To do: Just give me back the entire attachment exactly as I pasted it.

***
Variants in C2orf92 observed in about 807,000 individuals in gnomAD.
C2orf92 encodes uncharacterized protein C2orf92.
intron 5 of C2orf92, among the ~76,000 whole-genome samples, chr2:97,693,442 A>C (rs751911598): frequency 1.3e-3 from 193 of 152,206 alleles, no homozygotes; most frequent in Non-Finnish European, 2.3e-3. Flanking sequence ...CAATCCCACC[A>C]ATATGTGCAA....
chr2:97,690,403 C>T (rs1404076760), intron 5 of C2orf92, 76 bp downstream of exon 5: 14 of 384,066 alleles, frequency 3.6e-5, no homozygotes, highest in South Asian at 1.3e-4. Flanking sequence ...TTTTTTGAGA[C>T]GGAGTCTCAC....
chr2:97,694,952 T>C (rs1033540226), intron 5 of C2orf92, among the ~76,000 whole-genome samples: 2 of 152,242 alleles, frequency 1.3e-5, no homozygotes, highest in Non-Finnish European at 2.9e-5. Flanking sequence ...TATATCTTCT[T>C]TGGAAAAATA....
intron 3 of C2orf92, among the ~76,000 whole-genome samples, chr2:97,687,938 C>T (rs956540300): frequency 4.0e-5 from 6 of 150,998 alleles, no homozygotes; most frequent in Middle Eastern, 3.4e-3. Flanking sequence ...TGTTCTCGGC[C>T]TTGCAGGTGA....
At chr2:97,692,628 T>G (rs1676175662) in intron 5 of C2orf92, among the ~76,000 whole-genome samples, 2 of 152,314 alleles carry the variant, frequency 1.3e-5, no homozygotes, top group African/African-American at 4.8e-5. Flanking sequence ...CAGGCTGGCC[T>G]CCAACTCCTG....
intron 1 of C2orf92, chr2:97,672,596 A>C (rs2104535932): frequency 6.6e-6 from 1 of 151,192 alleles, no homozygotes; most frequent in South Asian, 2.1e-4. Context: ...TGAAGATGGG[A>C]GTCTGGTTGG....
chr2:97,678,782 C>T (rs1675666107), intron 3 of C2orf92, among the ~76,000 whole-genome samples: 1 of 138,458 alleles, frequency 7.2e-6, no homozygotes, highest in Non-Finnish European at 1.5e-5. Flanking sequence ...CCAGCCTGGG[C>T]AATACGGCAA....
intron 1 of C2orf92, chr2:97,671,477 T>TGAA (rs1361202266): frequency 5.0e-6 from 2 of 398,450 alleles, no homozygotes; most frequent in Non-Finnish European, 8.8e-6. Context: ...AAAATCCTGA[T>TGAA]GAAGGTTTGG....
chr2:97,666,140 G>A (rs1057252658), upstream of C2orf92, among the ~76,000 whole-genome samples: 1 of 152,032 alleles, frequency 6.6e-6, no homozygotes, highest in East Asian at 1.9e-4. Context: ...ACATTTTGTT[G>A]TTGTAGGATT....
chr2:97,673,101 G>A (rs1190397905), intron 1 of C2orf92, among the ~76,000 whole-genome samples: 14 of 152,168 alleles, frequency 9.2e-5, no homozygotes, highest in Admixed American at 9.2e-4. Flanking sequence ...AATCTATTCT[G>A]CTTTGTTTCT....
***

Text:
Variants in C2orf92 observed in about 807,000 individuals in gnomAD.
C2orf92 encodes uncharacterized protein C2orf92.
intron 5 of C2orf92, among the ~76,000 whole-genome samples, chr2:97,693,442 A>C (rs751911598): frequency 1.3e-3 from 193 of 152,206 alleles, no homozygotes; most frequent in Non-Finnish European, 2.3e-3. Flanking sequence ...CAATCCCACC[A>C]ATATGTGCAA....
chr2:97,690,403 C>T (rs1404076760), intron 5 of C2orf92, 76 bp downstream of exon 5: 14 of 384,066 alleles, frequency 3.6e-5, no homozygotes, highest in South Asian at 1.3e-4. Flanking sequence ...TTTTTTGAGA[C>T]GGAGTCTCAC....
chr2:97,694,952 T>C (rs1033540226), intron 5 of C2orf92, among the ~76,000 whole-genome samples: 2 of 152,242 alleles, frequency 1.3e-5, no homozygotes, highest in Non-Finnish European at 2.9e-5. Flanking sequence ...TATATCTTCT[T>C]TGGAAAAATA....
intron 3 of C2orf92, among the ~76,000 whole-genome samples, chr2:97,687,938 C>T (rs956540300): frequency 4.0e-5 from 6 of 150,998 alleles, no homozygotes; most frequent in Middle Eastern, 3.4e-3. Flanking sequence ...TGTTCTCGGC[C>T]TTGCAGGTGA....
At chr2:97,692,628 T>G (rs1676175662) in intron 5 of C2orf92, among the ~76,000 whole-genome samples, 2 of 152,314 alleles carry the variant, frequency 1.3e-5, no homozygotes, top group African/African-American at 4.8e-5. Flanking sequence ...CAGGCTGGCC[T>G]CCAACTCCTG....
intron 1 of C2orf92, chr2:97,672,596 A>C (rs2104535932): frequency 6.6e-6 from 1 of 151,192 alleles, no homozygotes; most frequent in South Asian, 2.1e-4. Context: ...TGAAGATGGG[A>C]GTCTGGTTGG....
chr2:97,678,782 C>T (rs1675666107), intron 3 of C2orf92, among the ~76,000 whole-genome samples: 1 of 138,458 alleles, frequency 7.2e-6, no homozygotes, highest in Non-Finnish European at 1.5e-5. Flanking sequence ...CCAGCCTGGG[C>T]AATACGGCAA....
intron 1 of C2orf92, chr2:97,671,477 T>TGAA (rs1361202266): frequency 5.0e-6 from 2 of 398,450 alleles, no homozygotes; most frequent in Non-Finnish European, 8.8e-6. Context: ...AAAATCCTGA[T>TGAA]GAAGGTTTGG....
chr2:97,666,140 G>A (rs1057252658), upstream of C2orf92, among the ~76,000 whole-genome samples: 1 of 152,032 alleles, frequency 6.6e-6, no homozygotes, highest in East Asian at 1.9e-4. Context: ...ACATTTTGTT[G>A]TTGTAGGATT....
chr2:97,673,101 G>A (rs1190397905), intron 1 of C2orf92, among the ~76,000 whole-genome samples: 14 of 152,168 alleles, frequency 9.2e-5, no homozygotes, highest in Admixed American at 9.2e-4. Flanking sequence ...AATCTATTCT[G>A]CTTTGTTTCT....